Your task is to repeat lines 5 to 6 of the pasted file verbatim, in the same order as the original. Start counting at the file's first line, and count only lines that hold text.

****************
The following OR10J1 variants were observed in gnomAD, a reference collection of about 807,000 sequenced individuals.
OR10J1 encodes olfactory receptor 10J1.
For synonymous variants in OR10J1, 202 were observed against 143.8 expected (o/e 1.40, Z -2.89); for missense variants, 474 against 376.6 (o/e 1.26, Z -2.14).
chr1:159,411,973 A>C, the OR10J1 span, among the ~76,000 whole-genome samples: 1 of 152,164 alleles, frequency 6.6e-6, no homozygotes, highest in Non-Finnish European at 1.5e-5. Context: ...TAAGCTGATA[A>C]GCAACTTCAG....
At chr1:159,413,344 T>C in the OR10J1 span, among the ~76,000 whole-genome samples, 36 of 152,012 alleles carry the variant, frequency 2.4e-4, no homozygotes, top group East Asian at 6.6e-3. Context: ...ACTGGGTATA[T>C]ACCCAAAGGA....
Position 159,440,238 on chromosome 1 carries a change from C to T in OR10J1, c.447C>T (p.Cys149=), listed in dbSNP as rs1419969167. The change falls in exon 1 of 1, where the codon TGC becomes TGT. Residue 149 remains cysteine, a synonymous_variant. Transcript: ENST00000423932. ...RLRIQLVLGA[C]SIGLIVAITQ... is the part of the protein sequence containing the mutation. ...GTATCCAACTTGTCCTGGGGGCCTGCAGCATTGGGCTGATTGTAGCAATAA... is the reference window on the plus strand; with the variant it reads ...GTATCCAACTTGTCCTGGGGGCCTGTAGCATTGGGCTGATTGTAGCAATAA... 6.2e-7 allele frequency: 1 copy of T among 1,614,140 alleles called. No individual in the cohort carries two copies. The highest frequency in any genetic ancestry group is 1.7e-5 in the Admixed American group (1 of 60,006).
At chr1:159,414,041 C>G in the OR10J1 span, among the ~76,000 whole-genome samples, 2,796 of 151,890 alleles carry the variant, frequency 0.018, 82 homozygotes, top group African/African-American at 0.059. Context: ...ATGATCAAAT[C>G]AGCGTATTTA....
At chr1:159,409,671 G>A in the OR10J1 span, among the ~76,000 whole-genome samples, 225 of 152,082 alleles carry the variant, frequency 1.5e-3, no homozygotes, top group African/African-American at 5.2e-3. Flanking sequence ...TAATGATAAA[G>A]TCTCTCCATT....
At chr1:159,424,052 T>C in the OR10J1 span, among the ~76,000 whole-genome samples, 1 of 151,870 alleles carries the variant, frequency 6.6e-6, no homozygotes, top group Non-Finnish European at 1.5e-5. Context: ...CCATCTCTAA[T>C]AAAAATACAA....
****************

At chr1:159,413,344 T>C in the OR10J1 span, among the ~76,000 whole-genome samples, 36 of 152,012 alleles carry the variant, frequency 2.4e-4, no homozygotes, top group East Asian at 6.6e-3. Context: ...ACTGGGTATA[T>C]ACCCAAAGGA....
Position 159,440,238 on chromosome 1 carries a change from C to T in OR10J1, c.447C>T (p.Cys149=), listed in dbSNP as rs1419969167. The change falls in exon 1 of 1, where the codon TGC becomes TGT. Residue 149 remains cysteine, a synonymous_variant. Transcript: ENST00000423932. ...RLRIQLVLGA[C]SIGLIVAITQ... is the part of the protein sequence containing the mutation. ...GTATCCAACTTGTCCTGGGGGCCTGCAGCATTGGGCTGATTGTAGCAATAA... is the reference window on the plus strand; with the variant it reads ...GTATCCAACTTGTCCTGGGGGCCTGTAGCATTGGGCTGATTGTAGCAATAA... 6.2e-7 allele frequency: 1 copy of T among 1,614,140 alleles called. No individual in the cohort carries two copies. The highest frequency in any genetic ancestry group is 1.7e-5 in the Admixed American group (1 of 60,006).